People who are fully vaccinated do not need a COVID-19 booster, health and drug officials said Thursday.
"We are prepared for booster doses if and when the science demonstrates that they are needed," the U.S. Food and Drug Administration and the Centers for Disease Control and Prevention said in a joint statement.
The agencies said that those who are vaccinated are protected from variants, including the surging delta variant. But they urged Americans 12 and older who have not yet been vaccinated to do so.
“People who are not vaccinated remain at risk. Virtually all COVID-19 hospitalizations and deaths are among those who are unvaccinated,” the statement said.
The virus has killed more than 4 million people across the globe in the year and a half since it was declared a pandemic.
The United States leads the world with the highest reported death toll at more than 600,000, followed by Brazil and India.
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Pfizer on Thursday said that it would seek U.S. authorization for a third dose of its vaccine, saying that another shot within 12 months could dramatically boost immunity.
Research shows two doses of mRNA vaccines offer strong protection against the highly contagious delta variant.
The U.S. agencies said they continue to study vaccines and possible boosters.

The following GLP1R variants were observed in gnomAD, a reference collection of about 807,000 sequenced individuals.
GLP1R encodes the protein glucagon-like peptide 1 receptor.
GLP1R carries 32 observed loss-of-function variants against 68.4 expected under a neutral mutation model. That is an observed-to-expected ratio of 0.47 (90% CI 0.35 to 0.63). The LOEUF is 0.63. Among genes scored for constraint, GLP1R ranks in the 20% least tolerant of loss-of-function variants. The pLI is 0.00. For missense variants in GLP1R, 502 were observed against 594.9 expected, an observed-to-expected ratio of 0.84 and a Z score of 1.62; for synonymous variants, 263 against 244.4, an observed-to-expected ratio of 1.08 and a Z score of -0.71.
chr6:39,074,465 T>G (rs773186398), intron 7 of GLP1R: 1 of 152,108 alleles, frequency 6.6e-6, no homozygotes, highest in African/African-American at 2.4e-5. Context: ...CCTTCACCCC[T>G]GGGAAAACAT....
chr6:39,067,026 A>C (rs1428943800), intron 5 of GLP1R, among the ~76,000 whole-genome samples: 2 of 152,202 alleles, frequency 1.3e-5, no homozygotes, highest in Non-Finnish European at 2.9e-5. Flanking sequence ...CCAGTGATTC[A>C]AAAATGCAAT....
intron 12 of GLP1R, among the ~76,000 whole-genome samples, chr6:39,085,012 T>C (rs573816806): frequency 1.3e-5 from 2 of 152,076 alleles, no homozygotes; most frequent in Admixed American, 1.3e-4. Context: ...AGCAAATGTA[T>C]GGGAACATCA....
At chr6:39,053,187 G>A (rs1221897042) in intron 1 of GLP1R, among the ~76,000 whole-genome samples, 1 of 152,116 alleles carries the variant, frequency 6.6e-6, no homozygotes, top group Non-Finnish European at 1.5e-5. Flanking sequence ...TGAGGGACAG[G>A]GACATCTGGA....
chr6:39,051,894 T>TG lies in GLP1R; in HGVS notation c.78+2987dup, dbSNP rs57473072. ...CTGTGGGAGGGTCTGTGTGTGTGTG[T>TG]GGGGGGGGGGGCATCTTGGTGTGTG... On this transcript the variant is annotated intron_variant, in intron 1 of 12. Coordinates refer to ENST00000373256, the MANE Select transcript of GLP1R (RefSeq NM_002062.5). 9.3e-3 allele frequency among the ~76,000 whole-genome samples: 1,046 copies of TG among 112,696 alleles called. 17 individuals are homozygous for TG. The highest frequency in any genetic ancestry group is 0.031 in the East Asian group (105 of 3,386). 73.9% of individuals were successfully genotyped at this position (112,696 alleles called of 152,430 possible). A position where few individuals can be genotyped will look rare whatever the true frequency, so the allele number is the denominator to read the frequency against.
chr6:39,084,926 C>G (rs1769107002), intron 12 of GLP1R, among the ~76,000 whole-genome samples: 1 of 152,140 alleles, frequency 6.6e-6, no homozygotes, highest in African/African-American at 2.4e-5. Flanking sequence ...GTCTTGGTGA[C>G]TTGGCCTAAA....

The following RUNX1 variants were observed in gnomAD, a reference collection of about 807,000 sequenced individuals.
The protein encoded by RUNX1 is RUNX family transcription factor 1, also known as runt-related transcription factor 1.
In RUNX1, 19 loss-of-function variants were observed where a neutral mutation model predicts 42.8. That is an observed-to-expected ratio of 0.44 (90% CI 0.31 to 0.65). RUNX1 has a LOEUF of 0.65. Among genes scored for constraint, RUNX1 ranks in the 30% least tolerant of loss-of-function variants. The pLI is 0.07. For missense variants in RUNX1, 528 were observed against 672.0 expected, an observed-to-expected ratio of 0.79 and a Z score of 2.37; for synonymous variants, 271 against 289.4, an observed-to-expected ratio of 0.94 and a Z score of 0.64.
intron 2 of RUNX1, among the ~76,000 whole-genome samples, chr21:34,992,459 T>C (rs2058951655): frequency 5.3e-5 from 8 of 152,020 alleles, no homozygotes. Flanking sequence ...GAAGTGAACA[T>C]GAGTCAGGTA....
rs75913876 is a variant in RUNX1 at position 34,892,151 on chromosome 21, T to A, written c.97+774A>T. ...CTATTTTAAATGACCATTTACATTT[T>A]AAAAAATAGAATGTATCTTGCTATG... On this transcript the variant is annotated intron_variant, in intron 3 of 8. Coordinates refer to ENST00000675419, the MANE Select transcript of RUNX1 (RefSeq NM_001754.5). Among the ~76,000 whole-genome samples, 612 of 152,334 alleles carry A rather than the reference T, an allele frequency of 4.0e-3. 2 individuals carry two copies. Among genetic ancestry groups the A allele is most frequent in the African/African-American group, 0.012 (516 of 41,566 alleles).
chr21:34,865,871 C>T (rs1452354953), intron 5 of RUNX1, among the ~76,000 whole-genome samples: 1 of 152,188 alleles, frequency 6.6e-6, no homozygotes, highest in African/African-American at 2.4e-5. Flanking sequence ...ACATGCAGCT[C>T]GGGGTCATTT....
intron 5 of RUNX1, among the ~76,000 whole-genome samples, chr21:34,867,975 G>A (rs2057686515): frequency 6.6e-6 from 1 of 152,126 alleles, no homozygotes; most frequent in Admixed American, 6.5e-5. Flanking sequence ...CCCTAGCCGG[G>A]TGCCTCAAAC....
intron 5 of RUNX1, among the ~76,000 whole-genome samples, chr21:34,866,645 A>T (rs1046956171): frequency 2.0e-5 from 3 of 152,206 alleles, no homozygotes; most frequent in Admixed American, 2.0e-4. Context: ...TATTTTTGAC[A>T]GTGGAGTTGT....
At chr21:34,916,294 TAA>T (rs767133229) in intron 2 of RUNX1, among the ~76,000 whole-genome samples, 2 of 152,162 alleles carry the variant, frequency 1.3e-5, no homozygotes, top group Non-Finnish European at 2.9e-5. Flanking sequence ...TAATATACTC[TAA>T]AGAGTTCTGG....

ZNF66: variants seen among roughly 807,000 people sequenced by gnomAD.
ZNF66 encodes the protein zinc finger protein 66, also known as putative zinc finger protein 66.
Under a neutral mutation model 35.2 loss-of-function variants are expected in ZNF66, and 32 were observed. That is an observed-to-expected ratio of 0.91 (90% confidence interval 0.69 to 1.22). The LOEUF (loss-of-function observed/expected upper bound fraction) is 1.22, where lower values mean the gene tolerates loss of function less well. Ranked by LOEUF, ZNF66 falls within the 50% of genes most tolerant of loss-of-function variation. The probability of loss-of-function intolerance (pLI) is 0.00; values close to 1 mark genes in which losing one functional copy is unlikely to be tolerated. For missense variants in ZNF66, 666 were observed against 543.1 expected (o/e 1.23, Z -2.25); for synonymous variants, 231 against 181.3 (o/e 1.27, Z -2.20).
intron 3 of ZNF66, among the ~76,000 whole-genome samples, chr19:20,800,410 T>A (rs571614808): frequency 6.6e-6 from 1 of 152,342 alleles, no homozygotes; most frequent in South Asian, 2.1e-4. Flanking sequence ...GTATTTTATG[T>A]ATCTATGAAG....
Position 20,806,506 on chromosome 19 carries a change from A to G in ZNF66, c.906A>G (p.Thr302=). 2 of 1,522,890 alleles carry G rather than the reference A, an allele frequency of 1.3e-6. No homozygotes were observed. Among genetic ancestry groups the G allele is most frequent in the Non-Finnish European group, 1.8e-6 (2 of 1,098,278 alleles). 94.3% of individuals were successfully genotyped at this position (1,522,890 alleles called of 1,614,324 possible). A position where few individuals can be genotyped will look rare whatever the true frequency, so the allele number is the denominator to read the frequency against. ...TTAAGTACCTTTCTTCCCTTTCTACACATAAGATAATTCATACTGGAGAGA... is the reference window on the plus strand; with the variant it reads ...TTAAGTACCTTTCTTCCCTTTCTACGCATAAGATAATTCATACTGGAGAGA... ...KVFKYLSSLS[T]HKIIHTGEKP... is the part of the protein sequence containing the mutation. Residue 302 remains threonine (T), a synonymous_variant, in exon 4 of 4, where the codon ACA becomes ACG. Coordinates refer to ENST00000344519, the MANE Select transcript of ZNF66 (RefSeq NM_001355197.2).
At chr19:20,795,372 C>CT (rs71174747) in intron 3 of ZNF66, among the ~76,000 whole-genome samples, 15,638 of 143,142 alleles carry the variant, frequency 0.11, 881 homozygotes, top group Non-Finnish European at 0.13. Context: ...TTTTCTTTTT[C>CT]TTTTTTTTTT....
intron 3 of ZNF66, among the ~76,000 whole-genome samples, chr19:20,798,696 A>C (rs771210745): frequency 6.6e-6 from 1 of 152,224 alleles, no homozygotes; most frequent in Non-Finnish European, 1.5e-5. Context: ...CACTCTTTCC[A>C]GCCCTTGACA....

“FDA, CDC, and NIH are engaged in a science-based, rigorous process to consider whether or when a booster might be necessary,” the groups said in their statement. “This process takes into account laboratory data, clinical trial data, and cohort data — which can include data from specific pharmaceutical companies, but does not rely on those data exclusively. We continue to review any new data as it becomes available and will keep the public informed.”
Among U.S. adults, 67% are at least partially vaccinated, and 47% of the total population is fully vaccinated.
President Joe Biden continues to push for more Americans to get vaccinated.
"We can't get complacent now," he said earlier this week. "You can do this. Let's finish the job."
Biden has said that his administration will shift focus from mass vaccination sites to a smaller, more community-based approach to try to reach those still holding out on getting the shots.
The delta variant, which is more transmissible and has been linked to more severe illness in younger adults, accounted for a quarter of all new cases last week and is projected to be the dominant strain in the coming weeks in the United States, the CDC said last week.
This story first appeared on NBCNews.com.